Liturgical and practical resources from Iona Community members, friends and others designed to create more awareness and understanding about mental health.
A practical leader’s guide to delivering art and wellbeing sessions to the community. 'This is a daring book. It dares us to help people engage with the deep spirituality that comes from getting your hands dirty. Art is not just an ‘add on’ to life. It is essential to helping us articulate where we came from, who we are and who we hope to be.'
Transgender Anglican priest Rachel Mann tells the story of how she searched for her authentic self, dying many kinds of ‘death’ in the process and discovering that darkness is as much a positive place as a negative one. New revised edition with added material.
The life story (so far) of Alex Clare-Young, the first out transgender minister in the United Reformed Church. Includes resources and activities to encourage individuals and groups to explore the subject of gender identity.
A collection of Donald Eadie's reflections, letters, prayers and poems relating to the letting go of his old life as a result of illness and becoming a pilgrim in the borderlands, the place of exploration and discovery.
The labyrinth as a tool for contemplation and inspiration continues to gain popularity in today's world. For those who want to learn more and perhaps use the labyrinth in their own situation, this book offers ideas and examples of its use in various contexts, from schools and universities to hospices and secure hospitals.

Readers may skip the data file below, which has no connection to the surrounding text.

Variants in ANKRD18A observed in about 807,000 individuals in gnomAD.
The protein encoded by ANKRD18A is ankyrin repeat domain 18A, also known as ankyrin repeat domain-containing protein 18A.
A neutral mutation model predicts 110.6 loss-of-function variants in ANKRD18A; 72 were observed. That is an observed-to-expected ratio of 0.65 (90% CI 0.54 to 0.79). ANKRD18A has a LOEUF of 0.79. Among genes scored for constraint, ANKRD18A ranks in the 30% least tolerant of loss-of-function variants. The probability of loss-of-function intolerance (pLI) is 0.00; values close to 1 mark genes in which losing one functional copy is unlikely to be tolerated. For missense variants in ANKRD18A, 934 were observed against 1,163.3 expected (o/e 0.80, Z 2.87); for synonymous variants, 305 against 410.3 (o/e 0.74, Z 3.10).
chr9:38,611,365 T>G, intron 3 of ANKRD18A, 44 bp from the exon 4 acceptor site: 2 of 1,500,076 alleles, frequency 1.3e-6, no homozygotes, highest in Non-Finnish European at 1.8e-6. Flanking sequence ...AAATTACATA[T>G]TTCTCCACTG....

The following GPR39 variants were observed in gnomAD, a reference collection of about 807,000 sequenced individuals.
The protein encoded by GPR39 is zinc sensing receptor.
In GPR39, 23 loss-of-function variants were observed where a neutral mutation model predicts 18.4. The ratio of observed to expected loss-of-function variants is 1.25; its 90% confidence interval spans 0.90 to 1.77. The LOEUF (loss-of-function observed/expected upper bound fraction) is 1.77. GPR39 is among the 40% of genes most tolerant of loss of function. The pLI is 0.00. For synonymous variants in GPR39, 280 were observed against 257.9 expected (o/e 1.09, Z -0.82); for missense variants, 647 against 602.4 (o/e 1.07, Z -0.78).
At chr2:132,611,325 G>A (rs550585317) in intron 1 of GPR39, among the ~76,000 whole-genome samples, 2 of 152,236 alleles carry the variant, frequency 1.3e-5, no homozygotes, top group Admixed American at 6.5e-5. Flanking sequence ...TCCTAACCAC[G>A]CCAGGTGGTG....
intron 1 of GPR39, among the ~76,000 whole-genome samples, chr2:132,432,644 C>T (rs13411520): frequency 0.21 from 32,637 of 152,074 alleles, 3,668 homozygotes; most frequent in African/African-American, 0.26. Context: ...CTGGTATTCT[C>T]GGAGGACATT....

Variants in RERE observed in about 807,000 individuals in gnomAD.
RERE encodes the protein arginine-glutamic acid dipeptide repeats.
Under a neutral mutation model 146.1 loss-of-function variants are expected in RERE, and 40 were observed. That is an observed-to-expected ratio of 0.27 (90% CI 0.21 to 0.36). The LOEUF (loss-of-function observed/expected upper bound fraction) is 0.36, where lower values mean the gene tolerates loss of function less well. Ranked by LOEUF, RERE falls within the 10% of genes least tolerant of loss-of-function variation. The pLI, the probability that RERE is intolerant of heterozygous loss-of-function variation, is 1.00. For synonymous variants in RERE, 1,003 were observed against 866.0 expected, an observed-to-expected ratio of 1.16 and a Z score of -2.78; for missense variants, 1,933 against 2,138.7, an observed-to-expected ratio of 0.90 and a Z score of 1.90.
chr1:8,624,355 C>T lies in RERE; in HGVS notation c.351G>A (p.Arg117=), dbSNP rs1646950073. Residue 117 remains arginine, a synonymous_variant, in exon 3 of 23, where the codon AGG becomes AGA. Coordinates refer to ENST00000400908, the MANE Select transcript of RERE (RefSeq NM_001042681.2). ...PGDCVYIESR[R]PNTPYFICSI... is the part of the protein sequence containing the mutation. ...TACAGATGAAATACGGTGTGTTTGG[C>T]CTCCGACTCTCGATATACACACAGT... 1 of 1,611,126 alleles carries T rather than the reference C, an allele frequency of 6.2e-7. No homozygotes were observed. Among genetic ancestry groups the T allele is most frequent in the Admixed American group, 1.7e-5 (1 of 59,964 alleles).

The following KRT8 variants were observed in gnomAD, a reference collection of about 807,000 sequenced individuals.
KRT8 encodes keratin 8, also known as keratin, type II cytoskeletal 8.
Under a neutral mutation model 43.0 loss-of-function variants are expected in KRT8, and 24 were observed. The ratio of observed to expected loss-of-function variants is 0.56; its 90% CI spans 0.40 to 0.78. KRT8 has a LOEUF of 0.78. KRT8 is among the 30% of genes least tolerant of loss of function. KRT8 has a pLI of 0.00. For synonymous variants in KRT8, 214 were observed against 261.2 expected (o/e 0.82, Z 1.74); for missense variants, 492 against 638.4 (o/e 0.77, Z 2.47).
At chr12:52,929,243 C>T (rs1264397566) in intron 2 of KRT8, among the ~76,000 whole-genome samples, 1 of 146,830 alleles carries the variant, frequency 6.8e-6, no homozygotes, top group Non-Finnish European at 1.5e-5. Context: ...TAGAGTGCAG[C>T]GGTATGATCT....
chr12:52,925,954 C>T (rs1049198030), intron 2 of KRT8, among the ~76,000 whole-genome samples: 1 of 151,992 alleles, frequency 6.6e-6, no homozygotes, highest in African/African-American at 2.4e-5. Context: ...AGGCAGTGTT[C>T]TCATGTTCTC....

Former Chaplain at the Marie Curie Centre, Edinburgh, Tom Gordon writes with sensitivity and clarity about real people, including himself, as they begin to understand their journeys of bereavement.
Ian Cowie sheds new light on what the healing miracles of Jesus were. Re-translating the original Greek of the Gospels, he carefully dissects the actions and words of Jesus and draws conclusions which are often at odds with current interpretations.
A complete guide to healing ministry which combines sound practical advice with conviction, refreshing realism and compassion.
Hospice chaplain Tom Gordon writes for people facing a life crisis or the reality of their own death, and for those who care for the dying,especially those for whom traditional words and symbols have failed.
When Jacqueline Ley's 23-year-old son told her that he was gay, she was shocked and hurt. Her fundamentalist Christian background told her that homosexuality was sinful and that her son had placed himself beyond the pale. But she underwent a remarkable transformation of attitude